Rwanda is possibly going to face a slump in economic growth compared to what was registered in 2008, the Minister of Industry and Commerce (MINICOM) has warned.
Monique Nsanzabaganwa made the remarks while officiating at the MINICOM’s Public Accountability Day ceremonies held yesterday in Gikondo, Kigali City.
While Rwanda registered 11.2 per cent of economic growth last year, Nsanzabaganwa revealed that this level is likely to go down in 2009, partly because of the surging global economic downturn.
“Figures at the end of the first term show that global credit crunch will slightly have an impact on our economic growth,” she said in an interview.
She explained that prices have gone down for some products that Rwanda exports, citing coffee and skin products among the affected export sectors.
She was however optimistic that the country is undertaking tough measures to face the situation, noting the increase of quality and packaging for the products to be exported, which would also imply the increase in revenues.
“This would help us take our products to more particular and larger markets abroad,” she added, noting that much effort will be put at in controlling activities at the local industrial levels to increase the quality of production.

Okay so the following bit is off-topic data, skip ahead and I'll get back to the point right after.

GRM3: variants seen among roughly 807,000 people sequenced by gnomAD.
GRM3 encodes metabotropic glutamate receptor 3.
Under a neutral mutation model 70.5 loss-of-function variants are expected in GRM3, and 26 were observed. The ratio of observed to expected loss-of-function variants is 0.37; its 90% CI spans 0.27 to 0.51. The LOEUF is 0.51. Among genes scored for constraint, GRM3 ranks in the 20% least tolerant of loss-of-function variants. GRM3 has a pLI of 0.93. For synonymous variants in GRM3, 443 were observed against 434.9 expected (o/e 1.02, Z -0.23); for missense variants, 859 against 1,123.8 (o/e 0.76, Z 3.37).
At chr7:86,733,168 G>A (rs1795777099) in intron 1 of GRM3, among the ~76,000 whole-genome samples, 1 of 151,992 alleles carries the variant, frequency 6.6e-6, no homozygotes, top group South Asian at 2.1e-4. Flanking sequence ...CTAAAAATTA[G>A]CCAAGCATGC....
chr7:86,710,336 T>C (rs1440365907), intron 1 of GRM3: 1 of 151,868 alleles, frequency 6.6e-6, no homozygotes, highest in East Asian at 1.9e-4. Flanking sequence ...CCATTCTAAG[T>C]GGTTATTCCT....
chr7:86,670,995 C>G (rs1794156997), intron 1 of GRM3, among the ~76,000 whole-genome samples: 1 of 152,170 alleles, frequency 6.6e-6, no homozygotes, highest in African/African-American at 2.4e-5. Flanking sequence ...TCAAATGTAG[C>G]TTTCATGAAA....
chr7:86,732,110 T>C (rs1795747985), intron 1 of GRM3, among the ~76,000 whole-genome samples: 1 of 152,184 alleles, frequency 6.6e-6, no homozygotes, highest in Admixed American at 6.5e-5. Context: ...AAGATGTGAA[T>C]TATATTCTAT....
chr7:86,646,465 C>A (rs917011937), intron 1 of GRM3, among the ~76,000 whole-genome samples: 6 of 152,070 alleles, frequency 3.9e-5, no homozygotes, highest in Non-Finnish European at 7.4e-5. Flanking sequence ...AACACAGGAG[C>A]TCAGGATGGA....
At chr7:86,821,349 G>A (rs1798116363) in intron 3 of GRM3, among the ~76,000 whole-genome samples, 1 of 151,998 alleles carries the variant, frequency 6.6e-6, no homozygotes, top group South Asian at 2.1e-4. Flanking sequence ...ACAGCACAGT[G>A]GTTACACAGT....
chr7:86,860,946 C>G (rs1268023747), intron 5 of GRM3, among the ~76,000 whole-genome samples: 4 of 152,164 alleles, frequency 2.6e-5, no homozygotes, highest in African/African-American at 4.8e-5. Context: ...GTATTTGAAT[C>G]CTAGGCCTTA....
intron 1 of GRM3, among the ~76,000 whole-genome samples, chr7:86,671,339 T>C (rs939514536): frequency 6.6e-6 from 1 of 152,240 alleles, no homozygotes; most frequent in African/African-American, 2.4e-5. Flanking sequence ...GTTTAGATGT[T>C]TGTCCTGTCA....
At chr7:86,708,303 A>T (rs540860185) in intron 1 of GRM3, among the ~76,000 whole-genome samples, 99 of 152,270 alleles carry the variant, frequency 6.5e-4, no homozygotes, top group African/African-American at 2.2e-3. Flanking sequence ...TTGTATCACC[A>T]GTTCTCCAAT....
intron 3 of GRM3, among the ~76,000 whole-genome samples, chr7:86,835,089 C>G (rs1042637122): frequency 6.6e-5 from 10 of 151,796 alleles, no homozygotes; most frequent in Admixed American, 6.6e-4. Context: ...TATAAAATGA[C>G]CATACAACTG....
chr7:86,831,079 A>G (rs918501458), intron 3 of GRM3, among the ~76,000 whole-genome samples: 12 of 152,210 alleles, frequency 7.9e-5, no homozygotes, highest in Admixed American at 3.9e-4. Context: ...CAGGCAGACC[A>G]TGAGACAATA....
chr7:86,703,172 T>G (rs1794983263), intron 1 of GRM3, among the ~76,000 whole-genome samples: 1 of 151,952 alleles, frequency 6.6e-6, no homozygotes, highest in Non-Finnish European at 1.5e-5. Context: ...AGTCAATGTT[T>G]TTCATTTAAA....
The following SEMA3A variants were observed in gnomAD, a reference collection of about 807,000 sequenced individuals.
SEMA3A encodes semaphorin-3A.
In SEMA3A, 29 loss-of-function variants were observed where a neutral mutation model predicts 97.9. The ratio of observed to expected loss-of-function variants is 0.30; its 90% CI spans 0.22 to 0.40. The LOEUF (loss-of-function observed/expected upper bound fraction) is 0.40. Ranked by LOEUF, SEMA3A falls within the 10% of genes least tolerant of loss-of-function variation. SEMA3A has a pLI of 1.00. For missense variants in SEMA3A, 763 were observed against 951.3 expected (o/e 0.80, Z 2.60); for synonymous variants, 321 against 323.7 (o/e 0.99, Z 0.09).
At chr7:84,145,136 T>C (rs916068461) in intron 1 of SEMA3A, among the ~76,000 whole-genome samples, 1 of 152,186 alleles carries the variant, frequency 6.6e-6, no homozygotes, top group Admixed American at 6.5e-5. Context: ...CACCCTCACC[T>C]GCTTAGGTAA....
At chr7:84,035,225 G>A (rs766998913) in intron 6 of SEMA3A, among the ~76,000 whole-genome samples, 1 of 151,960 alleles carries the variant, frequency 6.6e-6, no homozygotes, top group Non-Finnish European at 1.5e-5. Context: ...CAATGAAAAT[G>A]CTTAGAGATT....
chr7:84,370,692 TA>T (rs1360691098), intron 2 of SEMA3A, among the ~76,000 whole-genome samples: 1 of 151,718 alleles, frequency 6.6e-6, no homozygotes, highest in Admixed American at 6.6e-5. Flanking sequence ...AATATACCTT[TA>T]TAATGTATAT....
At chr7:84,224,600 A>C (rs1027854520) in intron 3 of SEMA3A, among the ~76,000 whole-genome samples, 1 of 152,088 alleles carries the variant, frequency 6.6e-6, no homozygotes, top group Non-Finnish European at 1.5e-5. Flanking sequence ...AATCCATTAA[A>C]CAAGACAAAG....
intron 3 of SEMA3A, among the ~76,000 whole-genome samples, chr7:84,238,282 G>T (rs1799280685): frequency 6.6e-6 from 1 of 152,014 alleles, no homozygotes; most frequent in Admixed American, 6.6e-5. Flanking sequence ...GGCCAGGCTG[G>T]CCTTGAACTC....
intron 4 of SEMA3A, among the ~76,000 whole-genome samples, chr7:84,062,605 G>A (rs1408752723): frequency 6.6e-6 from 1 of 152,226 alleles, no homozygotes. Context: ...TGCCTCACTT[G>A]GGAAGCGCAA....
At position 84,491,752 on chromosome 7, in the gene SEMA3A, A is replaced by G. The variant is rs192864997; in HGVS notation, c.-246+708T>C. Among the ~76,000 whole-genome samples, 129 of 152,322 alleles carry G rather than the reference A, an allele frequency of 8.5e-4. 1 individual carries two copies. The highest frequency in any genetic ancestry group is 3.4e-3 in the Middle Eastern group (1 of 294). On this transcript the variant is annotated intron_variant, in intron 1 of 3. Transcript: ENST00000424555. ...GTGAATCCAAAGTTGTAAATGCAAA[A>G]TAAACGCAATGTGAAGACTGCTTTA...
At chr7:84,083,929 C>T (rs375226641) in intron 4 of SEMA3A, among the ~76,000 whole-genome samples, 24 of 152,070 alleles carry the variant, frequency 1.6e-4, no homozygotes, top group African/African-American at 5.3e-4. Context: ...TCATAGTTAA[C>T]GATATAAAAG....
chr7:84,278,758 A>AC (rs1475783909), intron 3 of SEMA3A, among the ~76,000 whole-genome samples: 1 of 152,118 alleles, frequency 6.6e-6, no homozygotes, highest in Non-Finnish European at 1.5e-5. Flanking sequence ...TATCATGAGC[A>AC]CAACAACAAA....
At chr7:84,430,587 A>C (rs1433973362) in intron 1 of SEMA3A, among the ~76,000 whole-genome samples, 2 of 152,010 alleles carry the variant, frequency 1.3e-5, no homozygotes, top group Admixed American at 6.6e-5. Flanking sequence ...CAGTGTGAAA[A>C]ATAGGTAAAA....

Another point to raise optimism, according to the minister, is the development of the tourism sector in the country, where more international meetings being organised and held in Rwanda help utilise hotel facilities and serve as an opportunity to visit and appreciate Rwanda’s uniqueness.
“Tourists and mountain gorilla visitors still come in the country as many as before,” she added.
Earlier on, Minister Nsanzabaganwa had told the gathering that the creation of the Rwanda Development Board (RDB) is helping much in boosting investment in the country and facilitating in commercial registration processes.
RDB was created by merging seven parastatals most of which were formerly under the commerce ministry in a move that was aimed at improving efficiency of these organs.
The United Nations predicted that the global economy will shrink 2.6 percent this year as a result of the world financial crisis, a considerably deeper downturn than the 0.5 percent contraction forecast in January.
In its midyear economic projections, the U.N. said developing countries have been disproportionately hard hit by the global economic crisis.